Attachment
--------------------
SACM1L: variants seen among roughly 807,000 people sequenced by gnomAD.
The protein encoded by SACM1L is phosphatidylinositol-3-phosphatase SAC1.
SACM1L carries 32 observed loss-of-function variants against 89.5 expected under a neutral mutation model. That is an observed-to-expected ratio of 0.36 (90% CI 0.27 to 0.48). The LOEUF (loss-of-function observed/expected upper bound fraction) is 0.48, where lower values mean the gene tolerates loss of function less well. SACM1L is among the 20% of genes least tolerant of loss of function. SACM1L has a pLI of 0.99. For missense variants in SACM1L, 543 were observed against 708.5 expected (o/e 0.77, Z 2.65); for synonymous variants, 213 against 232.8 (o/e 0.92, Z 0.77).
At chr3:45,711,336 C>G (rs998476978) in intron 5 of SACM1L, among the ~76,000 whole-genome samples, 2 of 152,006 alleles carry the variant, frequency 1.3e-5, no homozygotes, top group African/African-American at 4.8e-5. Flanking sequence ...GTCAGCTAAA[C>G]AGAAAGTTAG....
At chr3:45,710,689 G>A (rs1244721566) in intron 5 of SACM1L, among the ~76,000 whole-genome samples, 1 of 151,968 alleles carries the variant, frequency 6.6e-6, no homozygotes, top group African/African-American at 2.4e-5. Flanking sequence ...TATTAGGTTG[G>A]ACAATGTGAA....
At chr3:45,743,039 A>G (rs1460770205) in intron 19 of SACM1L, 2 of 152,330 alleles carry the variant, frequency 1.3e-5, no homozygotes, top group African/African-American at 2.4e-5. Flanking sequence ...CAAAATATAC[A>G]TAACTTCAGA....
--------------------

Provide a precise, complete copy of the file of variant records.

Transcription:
SACM1L: variants seen among roughly 807,000 people sequenced by gnomAD.
The protein encoded by SACM1L is phosphatidylinositol-3-phosphatase SAC1.
SACM1L carries 32 observed loss-of-function variants against 89.5 expected under a neutral mutation model. That is an observed-to-expected ratio of 0.36 (90% CI 0.27 to 0.48). The LOEUF (loss-of-function observed/expected upper bound fraction) is 0.48, where lower values mean the gene tolerates loss of function less well. SACM1L is among the 20% of genes least tolerant of loss of function. SACM1L has a pLI of 0.99. For missense variants in SACM1L, 543 were observed against 708.5 expected (o/e 0.77, Z 2.65); for synonymous variants, 213 against 232.8 (o/e 0.92, Z 0.77).
At chr3:45,711,336 C>G (rs998476978) in intron 5 of SACM1L, among the ~76,000 whole-genome samples, 2 of 152,006 alleles carry the variant, frequency 1.3e-5, no homozygotes, top group African/African-American at 4.8e-5. Flanking sequence ...GTCAGCTAAA[C>G]AGAAAGTTAG....
At chr3:45,710,689 G>A (rs1244721566) in intron 5 of SACM1L, among the ~76,000 whole-genome samples, 1 of 151,968 alleles carries the variant, frequency 6.6e-6, no homozygotes, top group African/African-American at 2.4e-5. Flanking sequence ...TATTAGGTTG[G>A]ACAATGTGAA....
At chr3:45,743,039 A>G (rs1460770205) in intron 19 of SACM1L, 2 of 152,330 alleles carry the variant, frequency 1.3e-5, no homozygotes, top group African/African-American at 2.4e-5. Flanking sequence ...CAAAATATAC[A>G]TAACTTCAGA....